Don’t vLog and Drive, Says Erie Insurance

Everyone knows the dangers of texting while driving, but Erie Insurance is raising awareness of a more recent but equally dangerous trend – vlogging while driving.  The trend involves popular social media influencers talking to a camera mounted on their dashboards to create videos for their followers.  While the behavior may seem safe because it’s hands-free, an internationally recognized expert on distracted driving says it’s anything but.

“The research is absolutely clear. Hands-free is not safe,” said Paul Atchley, Ph.D., a professor of psychology at the University of South Florida, who has been studying distracted driving for more than 20 years. “It’s your brain that’s the problem, not touching a phone. And we know when your brain is engaged by a phone call – even a hands-free one – the risk for a car crash increases.”

Erie Insurance showed Atchley several videos gaining buzz online showing influencers looking back and forth between their camera and the road, fiddling with the camera on their dashboard, and in one case, almost swerving off the road.

“As a car insurer that wants everyone on the roads to be safe, Erie Insurance keeps on top of the latest driving trends. This one is particularly troubling because the people doing it probably think it’s safe since it’s hands-free,” said Jon Bloom, vice president of personal auto, Erie Insurance. “We reached out to Dr. Atchley to shed light on what’s going on in the brain that makes this behavior actually much more dangerous than people realize.”

The answer, says Atchley, is that multi-tasking is a myth. People can switch back and forth between tasks but can truly only do one thing at a time.

Different Types of Distractions

To see how vlogging while driving, even with a mounted camera, is distracting, it’s important to understand the meaning of the term. A distraction is something that’s not related to the primary task. If the primary task is driving, then creating a social media video is a distraction. There are three categories of distractions: manual, visual and cognitive. In the case of videotaping oneself while driving, the manual distraction is taking hands off the wheel, the visual is looking at the camera instead of the road, and the cognitive distraction is “performing” for the camera instead of focusing on driving.

According to the Centers for Disease Control, eight people in the U.S. are killed every day in crashes involving a distracted driver. The risk is the greatest for young adults under 25 who are more likely to die in a car crash than the next three causes of death combined.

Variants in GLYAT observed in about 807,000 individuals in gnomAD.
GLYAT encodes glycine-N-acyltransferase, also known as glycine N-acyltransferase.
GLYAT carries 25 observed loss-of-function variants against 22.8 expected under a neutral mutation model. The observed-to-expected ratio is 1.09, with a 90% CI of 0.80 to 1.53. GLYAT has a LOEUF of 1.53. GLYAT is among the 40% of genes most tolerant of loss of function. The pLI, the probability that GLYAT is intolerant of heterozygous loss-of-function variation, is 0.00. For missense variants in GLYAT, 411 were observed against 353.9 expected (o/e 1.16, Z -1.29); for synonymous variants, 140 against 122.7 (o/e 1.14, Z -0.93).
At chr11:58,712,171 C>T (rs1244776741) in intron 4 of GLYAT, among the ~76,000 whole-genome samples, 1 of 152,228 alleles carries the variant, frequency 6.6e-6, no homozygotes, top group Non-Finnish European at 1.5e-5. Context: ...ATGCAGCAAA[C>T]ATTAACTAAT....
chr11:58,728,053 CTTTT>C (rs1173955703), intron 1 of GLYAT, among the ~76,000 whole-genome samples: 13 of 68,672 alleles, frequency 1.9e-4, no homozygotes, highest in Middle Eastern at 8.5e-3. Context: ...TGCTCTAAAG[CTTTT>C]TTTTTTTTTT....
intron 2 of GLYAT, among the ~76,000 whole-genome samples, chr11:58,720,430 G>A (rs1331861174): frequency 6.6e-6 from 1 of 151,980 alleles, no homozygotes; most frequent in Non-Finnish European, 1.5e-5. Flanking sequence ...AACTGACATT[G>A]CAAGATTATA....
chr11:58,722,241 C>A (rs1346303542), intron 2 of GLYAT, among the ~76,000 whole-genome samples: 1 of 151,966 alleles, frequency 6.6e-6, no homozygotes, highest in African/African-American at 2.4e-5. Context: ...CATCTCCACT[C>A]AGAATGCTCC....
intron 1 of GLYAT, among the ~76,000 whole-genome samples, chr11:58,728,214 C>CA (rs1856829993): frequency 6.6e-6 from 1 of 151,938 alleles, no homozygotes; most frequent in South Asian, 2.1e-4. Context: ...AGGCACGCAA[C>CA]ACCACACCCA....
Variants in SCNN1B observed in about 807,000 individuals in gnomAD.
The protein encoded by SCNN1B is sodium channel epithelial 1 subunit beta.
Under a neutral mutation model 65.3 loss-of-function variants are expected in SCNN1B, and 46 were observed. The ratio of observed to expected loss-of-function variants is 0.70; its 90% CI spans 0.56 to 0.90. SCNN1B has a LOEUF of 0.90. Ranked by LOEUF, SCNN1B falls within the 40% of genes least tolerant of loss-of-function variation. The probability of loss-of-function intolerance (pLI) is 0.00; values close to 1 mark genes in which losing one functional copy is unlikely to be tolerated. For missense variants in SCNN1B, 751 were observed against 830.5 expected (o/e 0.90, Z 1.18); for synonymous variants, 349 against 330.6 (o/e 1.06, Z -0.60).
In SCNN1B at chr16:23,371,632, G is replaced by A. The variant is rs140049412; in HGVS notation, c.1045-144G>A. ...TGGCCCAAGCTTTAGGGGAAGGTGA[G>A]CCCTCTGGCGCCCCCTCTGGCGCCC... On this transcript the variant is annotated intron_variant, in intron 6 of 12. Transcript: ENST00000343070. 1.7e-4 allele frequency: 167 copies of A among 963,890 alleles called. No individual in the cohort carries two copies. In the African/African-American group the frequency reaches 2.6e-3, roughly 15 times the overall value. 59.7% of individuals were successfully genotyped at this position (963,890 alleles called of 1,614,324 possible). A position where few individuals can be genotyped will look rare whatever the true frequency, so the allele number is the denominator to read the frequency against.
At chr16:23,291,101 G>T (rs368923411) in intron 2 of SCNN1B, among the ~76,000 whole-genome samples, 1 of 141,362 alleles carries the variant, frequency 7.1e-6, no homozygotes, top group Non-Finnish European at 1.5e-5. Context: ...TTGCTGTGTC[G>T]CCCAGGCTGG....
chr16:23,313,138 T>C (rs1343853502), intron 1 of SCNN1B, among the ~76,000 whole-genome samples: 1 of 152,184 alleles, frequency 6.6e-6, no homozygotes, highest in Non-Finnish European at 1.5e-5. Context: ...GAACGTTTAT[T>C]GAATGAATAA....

“I hope that social media influencers who vlog while driving realize that they are influencing a portion of the population that is more likely to die in a car crash than the next three causes of death combined,” said Atchley. “So not only are they demonstrating bad behavior, they’re demonstrating it to a group of individuals who already are at high risk.”

Atchley encourages influencers to set a good example. “I would ask them to do the right thing. Don’t be part of the problem, be the solution.”

“We realize the vast majority of social media influencers who are vlogging while driving are just trying to communicate with their followers in a positive way and are not intentionally doing anything harmful,” said Bloom. “It’s much more likely that they just don’t realize the danger. We hope that Dr. Atchley’s insights will encourage everyone to think twice and avoid doing anything while driving that increases the risk of a crash.”

There are no specific laws against talking to a camera mounted on a dashboard while driving, but 24 states and D.C. prohibit using hand-held cell phones while driving and 36 states and D.C. ban all cell phone use by novice or teen drivers.

Here are a few tips to avoid distracted driving and help you stay safe on the road:

  • Put your phone in a safe driving mode to reduce distractions. For example, turn off notifications and set up GPS prior to heading out for turn-by-turn directions so you can avoid having to look down at your phone.
  • Listen to a radio show or a podcast. It will help keep you alert but your mind will automatically tune it out when it needs to.
  • Consider carpooling with another experienced driver to share driving duties and have a second set of eyes that can spot things you might otherwise miss. Conversations in a vehicle, not on a phone call, will ebb and flow with traffic demands.
  • Play verbal road games such as “I Spy” to keep your mind focused on the road and defensive driving.

Erie Insurance is sharing Atchley’s insights and other information to avoid distracted driving and released the insights to promote National Distracted Driving Awareness Month, which is in April.

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